Actually, Penguins fans were decidedly against it. Kessel was mostly quiet in his first season (2015-16), until February. Things first clicked with Evgeni Malkin, but Malkin suffered an injury that forced Sullivan to unite Hagelin-Bonino-Kessel.
The rest is history. Kessel filled the net en route to two-Stanley Cups. He amassed legions of fans, in part because he was a lethal offensive weapon and in part because he was so vociferously run out of Toronto. And…Kessel knew Pittsburgh loved him, too.
He would flash a little smile on the topic of fans interceding on his behalf against the Pittsburgh media. And, even though he rarely spoke to the media, he would drop memorable lines.
Kessel was traded to Arizona in July 2019. Both the team and player were ready to move on, but that doesn’t mean Penguins fans don’t wish the story had a different ending.
2. Jaromir Jagr
The ageless, 48-year-old wonder qualifies for the list as he is still playing professional hockey in the Czech Republic for a team he owns (Hey, if the Hockey Hall of Fame counts that as still playing, so can we).
Jagr was the Penguins first-round pick in 1990 (fifth overall). The giant-haired kid who barely spoke English snowed the four teams in front of the Penguins by proclaiming he would not leave Czechoslavakia, but secretly told the Penguins he would happily arrive in Pittsburgh for a chance to play with Mario Lemieux.
Jagr is the last link to the first Penguins glory days. Everyone else long-since retired, bought teams, became broadcasters, general managers, and even coaches.
But “the great Jagr” is still playing.
This season, he played nine games for the Kladno Knights of the second-tier Czech league (the team which owns), and he played 38 games in the top Czech league for Kladno. In the top Czech league, Jagr scored 29 points (15g, 14a) in 38 games.
His accomplishments are too many to list. He has two Stanley Cups in which he dazzled with remarkable individual efforts, a Hart Trophy, five Art Ross Trophies, three Ted Lindsay awards, and Jagr is the second all-time leading NHL scorer with 1921 points (766g, 1155a).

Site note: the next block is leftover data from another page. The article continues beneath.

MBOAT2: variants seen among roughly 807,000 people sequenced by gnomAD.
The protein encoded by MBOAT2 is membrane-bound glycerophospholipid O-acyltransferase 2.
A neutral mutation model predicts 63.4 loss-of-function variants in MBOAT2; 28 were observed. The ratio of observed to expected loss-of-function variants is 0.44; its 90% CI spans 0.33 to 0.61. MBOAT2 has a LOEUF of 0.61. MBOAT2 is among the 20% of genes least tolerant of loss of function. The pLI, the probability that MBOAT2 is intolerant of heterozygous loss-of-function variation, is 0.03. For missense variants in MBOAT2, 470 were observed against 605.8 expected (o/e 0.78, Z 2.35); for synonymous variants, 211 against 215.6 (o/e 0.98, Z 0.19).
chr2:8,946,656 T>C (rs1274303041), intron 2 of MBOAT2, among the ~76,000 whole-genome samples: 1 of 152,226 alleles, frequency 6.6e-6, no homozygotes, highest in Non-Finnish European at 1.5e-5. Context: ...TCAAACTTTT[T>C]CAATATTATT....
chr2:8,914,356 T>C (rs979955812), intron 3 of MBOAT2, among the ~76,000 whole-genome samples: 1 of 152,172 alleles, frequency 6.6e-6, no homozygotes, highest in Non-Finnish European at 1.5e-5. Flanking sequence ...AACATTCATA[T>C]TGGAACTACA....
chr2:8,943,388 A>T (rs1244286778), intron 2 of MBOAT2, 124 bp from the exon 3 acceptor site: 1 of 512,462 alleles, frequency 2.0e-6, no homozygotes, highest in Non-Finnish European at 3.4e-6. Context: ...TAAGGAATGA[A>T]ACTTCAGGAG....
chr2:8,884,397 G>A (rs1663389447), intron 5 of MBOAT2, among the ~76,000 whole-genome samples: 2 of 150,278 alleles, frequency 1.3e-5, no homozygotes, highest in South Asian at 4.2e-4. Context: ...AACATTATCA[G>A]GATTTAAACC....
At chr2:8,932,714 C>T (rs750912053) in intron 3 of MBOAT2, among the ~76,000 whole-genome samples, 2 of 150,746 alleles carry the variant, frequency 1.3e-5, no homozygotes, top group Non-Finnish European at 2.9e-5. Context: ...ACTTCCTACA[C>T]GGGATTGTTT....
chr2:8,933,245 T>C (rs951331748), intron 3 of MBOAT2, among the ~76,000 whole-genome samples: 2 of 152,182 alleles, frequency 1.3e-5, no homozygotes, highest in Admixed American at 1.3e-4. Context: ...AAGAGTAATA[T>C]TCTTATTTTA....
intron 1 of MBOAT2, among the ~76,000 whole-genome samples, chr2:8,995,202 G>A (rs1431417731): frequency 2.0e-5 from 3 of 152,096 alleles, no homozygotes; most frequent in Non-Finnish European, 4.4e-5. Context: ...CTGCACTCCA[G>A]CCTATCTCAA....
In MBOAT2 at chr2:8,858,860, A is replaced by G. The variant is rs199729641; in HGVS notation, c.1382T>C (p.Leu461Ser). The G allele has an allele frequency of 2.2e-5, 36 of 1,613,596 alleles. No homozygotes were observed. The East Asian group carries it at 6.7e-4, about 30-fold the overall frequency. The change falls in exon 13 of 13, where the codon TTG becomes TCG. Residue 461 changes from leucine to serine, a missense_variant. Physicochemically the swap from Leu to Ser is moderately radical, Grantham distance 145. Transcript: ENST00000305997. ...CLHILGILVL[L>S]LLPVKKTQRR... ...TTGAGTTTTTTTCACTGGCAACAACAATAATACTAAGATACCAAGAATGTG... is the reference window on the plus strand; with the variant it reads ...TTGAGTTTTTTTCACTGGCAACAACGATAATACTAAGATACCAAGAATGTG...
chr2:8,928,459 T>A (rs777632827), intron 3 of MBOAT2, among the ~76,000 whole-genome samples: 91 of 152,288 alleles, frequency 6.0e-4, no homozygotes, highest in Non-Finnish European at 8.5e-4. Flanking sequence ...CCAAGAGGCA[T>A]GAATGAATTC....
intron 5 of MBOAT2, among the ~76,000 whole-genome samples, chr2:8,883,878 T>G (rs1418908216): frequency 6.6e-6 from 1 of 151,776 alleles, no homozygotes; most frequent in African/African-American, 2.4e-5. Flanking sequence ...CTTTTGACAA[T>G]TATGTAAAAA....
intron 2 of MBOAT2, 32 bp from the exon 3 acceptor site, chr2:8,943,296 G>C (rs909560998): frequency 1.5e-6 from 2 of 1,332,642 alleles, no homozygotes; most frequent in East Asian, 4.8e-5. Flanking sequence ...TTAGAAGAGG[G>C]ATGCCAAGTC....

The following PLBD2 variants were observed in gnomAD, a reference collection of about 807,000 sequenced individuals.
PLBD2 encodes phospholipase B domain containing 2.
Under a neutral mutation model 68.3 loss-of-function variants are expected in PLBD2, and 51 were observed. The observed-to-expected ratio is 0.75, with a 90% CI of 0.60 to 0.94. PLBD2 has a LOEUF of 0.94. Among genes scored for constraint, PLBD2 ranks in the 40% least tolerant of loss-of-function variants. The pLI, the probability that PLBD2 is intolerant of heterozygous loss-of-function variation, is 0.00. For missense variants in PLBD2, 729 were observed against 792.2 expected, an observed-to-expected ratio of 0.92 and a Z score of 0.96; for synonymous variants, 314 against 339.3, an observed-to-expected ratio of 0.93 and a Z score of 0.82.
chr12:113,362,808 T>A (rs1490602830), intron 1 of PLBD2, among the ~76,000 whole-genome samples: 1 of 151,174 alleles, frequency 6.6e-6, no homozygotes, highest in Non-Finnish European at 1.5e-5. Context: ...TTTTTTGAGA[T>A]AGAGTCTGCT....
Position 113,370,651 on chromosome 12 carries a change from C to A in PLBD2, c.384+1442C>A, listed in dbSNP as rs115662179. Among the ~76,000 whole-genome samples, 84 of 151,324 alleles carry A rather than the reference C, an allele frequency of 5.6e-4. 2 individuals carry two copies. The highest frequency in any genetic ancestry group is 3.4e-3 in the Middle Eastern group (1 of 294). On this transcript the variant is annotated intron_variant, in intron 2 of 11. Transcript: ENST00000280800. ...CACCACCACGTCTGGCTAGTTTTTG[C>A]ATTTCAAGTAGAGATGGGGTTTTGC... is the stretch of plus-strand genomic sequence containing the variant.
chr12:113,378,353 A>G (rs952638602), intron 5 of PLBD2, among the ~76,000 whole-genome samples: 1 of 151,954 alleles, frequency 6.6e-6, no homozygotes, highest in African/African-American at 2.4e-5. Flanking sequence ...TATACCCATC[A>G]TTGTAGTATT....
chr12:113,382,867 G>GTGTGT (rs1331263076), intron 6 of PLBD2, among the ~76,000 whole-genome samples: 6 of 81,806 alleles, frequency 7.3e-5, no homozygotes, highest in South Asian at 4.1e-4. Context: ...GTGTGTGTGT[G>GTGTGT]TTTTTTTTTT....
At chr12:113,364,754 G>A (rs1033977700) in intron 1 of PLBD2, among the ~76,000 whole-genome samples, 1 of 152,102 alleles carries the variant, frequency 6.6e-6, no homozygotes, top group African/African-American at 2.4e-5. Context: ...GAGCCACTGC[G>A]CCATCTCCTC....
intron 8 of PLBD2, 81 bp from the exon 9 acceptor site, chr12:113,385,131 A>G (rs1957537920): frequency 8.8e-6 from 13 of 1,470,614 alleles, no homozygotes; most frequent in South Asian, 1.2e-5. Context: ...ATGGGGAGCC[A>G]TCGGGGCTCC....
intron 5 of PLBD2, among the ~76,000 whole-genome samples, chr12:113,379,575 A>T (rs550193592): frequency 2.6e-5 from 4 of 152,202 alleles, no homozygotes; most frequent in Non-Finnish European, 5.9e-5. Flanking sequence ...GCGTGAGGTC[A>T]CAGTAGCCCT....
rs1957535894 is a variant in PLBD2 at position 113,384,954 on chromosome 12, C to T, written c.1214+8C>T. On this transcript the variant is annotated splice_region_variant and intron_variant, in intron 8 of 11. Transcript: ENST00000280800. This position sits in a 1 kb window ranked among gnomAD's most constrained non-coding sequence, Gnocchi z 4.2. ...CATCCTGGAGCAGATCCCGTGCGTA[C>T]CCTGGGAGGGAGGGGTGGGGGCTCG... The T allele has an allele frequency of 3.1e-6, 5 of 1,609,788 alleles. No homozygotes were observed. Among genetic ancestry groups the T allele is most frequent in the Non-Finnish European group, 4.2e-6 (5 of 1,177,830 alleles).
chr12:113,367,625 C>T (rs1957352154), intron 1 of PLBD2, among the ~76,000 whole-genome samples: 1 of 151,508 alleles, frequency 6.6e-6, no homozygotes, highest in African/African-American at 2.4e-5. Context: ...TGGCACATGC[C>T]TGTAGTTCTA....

For years, #JagrWatch was a hashtag on social media when Jagr was available. Fans couldn’t wait to see the famous mullet again wear his iconic No. 68 Pittsburgh Penguins sweater.
It still has not come to be, and maybe never will, but as long as Jagr is still playing, Penguins fans can hope that last shift is in Pittsburgh.
1. Marc Andre-Fleury
The gregarious goalie has three Stanley Cup rings from his time in Pittsburgh. He made one of the biggest saves in Pittsburgh Penguins history when he dove across the crease to stop Detroit defenseman Niklas Lidstrom in the final seconds of the 2009 Stanley Cup Final. The save secured the Penguins third Stanley Cup and first for the young crew, including Fleury, Sidney Crosby, Evgeni Malkin, and Kris Letang.
Fleury was the first-overall choice in 2003. Penguins GM Craig Patrick made a deft deal on draft day to move up from the third position to snag Fleury.
Unlike other fan favorites who left, Fleury’s stock rose and fell numerous times throughout his career in Pittsburgh. Penguins fans lined up behind young Matt Murray, against Fleury, too (don’t lie, the overwhelming volume of fans did). However, Fleury’s brilliant playoff performances in 2017 when he stole at least one, probably two games against the Washington Capitals in Round Two laid waste to “Fleury haters.”
Fleury’s performance in the 2017 playoffs helped to propel the Penguins to consecutive Stanley Cup wins, even though Sullivan replaced Fleury with Murray in the Eastern Conference Final.
Fleury’s legend has only grown since he was selected by the Vegas Golden Knights in the 2017 Expansion Draft. There were more than a few tears when Fleury finally returned to play against the Penguins in 2019, including a few from Fleury as the video tribute played.
Fans were hard on Fleury during his tenure with the Pittsburgh Penguins, but that is forgotten now as the goalie climbs the all-time wins list. Fleury is now fifth all-time with 466 wins, just 18 behind Ed Belfour for fourth. Watch Fleury spray the water to hide the tears as he received a several minutes long standing ovation: